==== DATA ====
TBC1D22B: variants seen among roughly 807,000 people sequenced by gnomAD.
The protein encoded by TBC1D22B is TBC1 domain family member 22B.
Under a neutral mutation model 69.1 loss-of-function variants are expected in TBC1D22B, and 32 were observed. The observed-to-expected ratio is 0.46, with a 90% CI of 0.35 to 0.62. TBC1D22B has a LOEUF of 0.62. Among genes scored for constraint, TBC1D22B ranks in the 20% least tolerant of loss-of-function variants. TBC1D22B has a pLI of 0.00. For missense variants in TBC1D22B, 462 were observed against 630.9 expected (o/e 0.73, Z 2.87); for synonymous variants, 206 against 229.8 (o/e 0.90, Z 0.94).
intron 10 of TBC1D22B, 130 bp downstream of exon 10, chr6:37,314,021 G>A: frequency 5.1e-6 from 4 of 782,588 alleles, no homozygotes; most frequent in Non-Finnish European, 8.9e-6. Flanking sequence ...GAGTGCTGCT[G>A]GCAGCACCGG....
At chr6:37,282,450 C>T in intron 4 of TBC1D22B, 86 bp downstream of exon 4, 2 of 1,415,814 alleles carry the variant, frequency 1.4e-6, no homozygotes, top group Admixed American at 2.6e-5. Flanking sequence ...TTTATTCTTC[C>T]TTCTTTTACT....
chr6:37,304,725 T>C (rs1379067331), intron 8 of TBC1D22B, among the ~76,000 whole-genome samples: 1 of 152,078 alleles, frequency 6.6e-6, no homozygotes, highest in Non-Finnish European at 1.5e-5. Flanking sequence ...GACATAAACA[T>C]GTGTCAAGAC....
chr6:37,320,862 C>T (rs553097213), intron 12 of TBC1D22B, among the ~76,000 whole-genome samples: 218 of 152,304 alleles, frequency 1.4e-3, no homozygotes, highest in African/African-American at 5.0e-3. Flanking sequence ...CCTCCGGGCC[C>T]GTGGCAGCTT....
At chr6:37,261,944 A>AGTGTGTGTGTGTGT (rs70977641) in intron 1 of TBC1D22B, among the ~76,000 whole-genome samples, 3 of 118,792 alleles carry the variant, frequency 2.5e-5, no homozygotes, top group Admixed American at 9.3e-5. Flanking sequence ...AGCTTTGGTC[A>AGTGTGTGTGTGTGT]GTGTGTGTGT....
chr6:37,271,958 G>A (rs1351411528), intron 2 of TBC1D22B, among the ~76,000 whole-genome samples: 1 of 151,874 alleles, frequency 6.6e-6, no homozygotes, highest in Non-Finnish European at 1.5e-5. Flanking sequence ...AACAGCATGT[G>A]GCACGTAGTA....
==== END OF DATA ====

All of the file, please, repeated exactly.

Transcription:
TBC1D22B: variants seen among roughly 807,000 people sequenced by gnomAD.
The protein encoded by TBC1D22B is TBC1 domain family member 22B.
Under a neutral mutation model 69.1 loss-of-function variants are expected in TBC1D22B, and 32 were observed. The observed-to-expected ratio is 0.46, with a 90% CI of 0.35 to 0.62. TBC1D22B has a LOEUF of 0.62. Among genes scored for constraint, TBC1D22B ranks in the 20% least tolerant of loss-of-function variants. TBC1D22B has a pLI of 0.00. For missense variants in TBC1D22B, 462 were observed against 630.9 expected (o/e 0.73, Z 2.87); for synonymous variants, 206 against 229.8 (o/e 0.90, Z 0.94).
intron 10 of TBC1D22B, 130 bp downstream of exon 10, chr6:37,314,021 G>A: frequency 5.1e-6 from 4 of 782,588 alleles, no homozygotes; most frequent in Non-Finnish European, 8.9e-6. Flanking sequence ...GAGTGCTGCT[G>A]GCAGCACCGG....
At chr6:37,282,450 C>T in intron 4 of TBC1D22B, 86 bp downstream of exon 4, 2 of 1,415,814 alleles carry the variant, frequency 1.4e-6, no homozygotes, top group Admixed American at 2.6e-5. Flanking sequence ...TTTATTCTTC[C>T]TTCTTTTACT....
chr6:37,304,725 T>C (rs1379067331), intron 8 of TBC1D22B, among the ~76,000 whole-genome samples: 1 of 152,078 alleles, frequency 6.6e-6, no homozygotes, highest in Non-Finnish European at 1.5e-5. Flanking sequence ...GACATAAACA[T>C]GTGTCAAGAC....
chr6:37,320,862 C>T (rs553097213), intron 12 of TBC1D22B, among the ~76,000 whole-genome samples: 218 of 152,304 alleles, frequency 1.4e-3, no homozygotes, highest in African/African-American at 5.0e-3. Flanking sequence ...CCTCCGGGCC[C>T]GTGGCAGCTT....
At chr6:37,261,944 A>AGTGTGTGTGTGTGT (rs70977641) in intron 1 of TBC1D22B, among the ~76,000 whole-genome samples, 3 of 118,792 alleles carry the variant, frequency 2.5e-5, no homozygotes, top group Admixed American at 9.3e-5. Flanking sequence ...AGCTTTGGTC[A>AGTGTGTGTGTGTGT]GTGTGTGTGT....
chr6:37,271,958 G>A (rs1351411528), intron 2 of TBC1D22B, among the ~76,000 whole-genome samples: 1 of 151,874 alleles, frequency 6.6e-6, no homozygotes, highest in Non-Finnish European at 1.5e-5. Flanking sequence ...AACAGCATGT[G>A]GCACGTAGTA....